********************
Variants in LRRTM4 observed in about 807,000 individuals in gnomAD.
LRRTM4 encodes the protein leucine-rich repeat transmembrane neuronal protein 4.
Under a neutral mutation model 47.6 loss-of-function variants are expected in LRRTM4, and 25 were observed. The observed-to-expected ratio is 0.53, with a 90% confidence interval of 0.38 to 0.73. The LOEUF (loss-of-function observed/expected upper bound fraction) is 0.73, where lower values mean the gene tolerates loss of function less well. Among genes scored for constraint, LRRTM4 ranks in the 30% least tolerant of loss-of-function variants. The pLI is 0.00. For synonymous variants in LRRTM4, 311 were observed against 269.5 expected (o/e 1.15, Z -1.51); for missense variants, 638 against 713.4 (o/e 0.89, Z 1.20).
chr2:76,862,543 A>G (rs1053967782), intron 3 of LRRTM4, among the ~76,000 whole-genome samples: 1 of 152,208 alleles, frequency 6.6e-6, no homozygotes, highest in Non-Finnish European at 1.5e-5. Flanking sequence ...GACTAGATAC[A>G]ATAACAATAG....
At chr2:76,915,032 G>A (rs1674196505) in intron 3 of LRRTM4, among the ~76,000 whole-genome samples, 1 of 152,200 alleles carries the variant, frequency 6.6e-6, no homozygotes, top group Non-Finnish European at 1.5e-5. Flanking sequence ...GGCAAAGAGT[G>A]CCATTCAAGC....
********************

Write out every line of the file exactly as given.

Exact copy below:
Variants in LRRTM4 observed in about 807,000 individuals in gnomAD.
LRRTM4 encodes the protein leucine-rich repeat transmembrane neuronal protein 4.
Under a neutral mutation model 47.6 loss-of-function variants are expected in LRRTM4, and 25 were observed. The observed-to-expected ratio is 0.53, with a 90% confidence interval of 0.38 to 0.73. The LOEUF (loss-of-function observed/expected upper bound fraction) is 0.73, where lower values mean the gene tolerates loss of function less well. Among genes scored for constraint, LRRTM4 ranks in the 30% least tolerant of loss-of-function variants. The pLI is 0.00. For synonymous variants in LRRTM4, 311 were observed against 269.5 expected (o/e 1.15, Z -1.51); for missense variants, 638 against 713.4 (o/e 0.89, Z 1.20).
chr2:76,862,543 A>G (rs1053967782), intron 3 of LRRTM4, among the ~76,000 whole-genome samples: 1 of 152,208 alleles, frequency 6.6e-6, no homozygotes, highest in Non-Finnish European at 1.5e-5. Flanking sequence ...GACTAGATAC[A>G]ATAACAATAG....
At chr2:76,915,032 G>A (rs1674196505) in intron 3 of LRRTM4, among the ~76,000 whole-genome samples, 1 of 152,200 alleles carries the variant, frequency 6.6e-6, no homozygotes, top group Non-Finnish European at 1.5e-5. Flanking sequence ...GGCAAAGAGT[G>A]CCATTCAAGC....